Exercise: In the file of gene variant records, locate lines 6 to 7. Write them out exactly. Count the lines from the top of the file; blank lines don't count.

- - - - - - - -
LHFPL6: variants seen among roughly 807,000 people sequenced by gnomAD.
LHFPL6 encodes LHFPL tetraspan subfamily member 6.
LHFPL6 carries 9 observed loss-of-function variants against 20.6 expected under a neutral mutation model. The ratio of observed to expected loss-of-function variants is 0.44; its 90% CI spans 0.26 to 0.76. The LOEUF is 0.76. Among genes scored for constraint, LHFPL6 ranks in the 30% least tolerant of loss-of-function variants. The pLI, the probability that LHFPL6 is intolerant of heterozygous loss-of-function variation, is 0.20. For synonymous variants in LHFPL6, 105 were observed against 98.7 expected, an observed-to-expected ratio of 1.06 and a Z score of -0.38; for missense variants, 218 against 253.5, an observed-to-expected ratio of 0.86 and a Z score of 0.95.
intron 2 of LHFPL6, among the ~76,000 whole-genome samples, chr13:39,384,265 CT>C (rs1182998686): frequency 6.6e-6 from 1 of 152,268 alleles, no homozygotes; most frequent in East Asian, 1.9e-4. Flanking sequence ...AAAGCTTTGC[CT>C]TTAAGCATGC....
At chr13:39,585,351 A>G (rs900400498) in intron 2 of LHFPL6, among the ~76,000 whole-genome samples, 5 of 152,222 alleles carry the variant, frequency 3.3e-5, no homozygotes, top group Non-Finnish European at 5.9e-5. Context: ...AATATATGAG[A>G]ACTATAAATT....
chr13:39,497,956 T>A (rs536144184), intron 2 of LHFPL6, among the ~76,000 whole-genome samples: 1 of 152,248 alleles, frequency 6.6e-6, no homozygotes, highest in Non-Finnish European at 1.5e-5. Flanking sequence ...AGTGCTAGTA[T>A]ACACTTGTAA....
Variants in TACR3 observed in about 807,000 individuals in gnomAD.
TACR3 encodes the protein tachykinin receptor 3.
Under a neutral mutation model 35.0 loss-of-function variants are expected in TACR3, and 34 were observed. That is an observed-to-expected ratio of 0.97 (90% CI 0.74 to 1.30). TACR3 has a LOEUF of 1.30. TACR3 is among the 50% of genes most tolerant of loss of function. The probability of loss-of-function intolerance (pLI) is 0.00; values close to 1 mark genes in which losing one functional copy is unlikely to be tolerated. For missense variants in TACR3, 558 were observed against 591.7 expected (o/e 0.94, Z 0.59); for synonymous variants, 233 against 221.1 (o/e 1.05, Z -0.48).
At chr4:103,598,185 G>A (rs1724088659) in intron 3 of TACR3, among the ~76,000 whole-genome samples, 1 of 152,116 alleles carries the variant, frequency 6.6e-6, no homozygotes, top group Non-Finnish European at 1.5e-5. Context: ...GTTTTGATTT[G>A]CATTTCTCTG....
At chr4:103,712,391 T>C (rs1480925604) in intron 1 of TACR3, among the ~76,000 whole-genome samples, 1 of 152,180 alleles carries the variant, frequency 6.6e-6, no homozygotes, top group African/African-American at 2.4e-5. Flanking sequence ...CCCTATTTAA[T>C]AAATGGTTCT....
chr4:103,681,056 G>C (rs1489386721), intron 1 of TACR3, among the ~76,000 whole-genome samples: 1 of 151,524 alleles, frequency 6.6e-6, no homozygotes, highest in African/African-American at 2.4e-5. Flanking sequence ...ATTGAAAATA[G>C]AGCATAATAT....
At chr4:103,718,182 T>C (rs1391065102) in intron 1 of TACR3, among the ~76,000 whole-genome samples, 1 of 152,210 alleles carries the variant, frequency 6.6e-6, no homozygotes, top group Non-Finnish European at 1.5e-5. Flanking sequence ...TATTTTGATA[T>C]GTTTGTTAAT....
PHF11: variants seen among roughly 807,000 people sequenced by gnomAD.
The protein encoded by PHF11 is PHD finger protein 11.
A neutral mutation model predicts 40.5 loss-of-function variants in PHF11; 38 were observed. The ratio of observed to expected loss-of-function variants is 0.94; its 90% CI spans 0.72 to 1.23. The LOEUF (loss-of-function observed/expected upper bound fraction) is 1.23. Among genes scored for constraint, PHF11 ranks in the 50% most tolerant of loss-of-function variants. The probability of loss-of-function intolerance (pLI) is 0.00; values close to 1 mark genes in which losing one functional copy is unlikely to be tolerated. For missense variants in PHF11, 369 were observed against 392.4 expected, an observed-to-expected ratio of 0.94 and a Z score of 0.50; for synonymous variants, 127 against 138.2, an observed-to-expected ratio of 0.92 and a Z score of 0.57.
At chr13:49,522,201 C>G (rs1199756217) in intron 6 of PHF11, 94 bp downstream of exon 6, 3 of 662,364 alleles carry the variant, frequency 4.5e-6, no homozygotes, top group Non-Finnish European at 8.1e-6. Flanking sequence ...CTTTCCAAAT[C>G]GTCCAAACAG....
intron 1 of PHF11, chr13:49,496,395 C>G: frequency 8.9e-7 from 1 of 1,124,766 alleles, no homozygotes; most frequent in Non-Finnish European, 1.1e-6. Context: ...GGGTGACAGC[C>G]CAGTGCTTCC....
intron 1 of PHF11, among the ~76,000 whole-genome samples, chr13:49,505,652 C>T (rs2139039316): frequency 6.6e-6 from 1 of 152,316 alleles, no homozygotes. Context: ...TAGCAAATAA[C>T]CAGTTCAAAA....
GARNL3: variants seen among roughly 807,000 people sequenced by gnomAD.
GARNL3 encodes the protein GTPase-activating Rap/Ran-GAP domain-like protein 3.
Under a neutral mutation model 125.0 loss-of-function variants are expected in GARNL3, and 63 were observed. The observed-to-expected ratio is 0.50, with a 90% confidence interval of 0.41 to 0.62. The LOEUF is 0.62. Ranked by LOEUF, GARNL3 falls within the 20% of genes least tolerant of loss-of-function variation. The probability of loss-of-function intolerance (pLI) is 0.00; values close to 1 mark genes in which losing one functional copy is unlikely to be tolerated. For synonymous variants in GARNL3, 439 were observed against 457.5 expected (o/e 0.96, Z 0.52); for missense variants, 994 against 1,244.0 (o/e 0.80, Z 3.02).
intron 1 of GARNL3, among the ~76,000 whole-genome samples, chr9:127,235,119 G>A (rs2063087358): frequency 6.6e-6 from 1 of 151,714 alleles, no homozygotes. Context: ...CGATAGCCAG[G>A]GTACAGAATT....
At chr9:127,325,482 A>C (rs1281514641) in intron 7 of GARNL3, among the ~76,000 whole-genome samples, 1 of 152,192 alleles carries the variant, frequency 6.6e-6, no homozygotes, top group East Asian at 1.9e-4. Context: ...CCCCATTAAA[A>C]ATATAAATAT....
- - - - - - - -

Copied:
chr13:39,497,956 T>A (rs536144184), intron 2 of LHFPL6, among the ~76,000 whole-genome samples: 1 of 152,248 alleles, frequency 6.6e-6, no homozygotes, highest in Non-Finnish European at 1.5e-5. Flanking sequence ...AGTGCTAGTA[T>A]ACACTTGTAA....
Variants in TACR3 observed in about 807,000 individuals in gnomAD.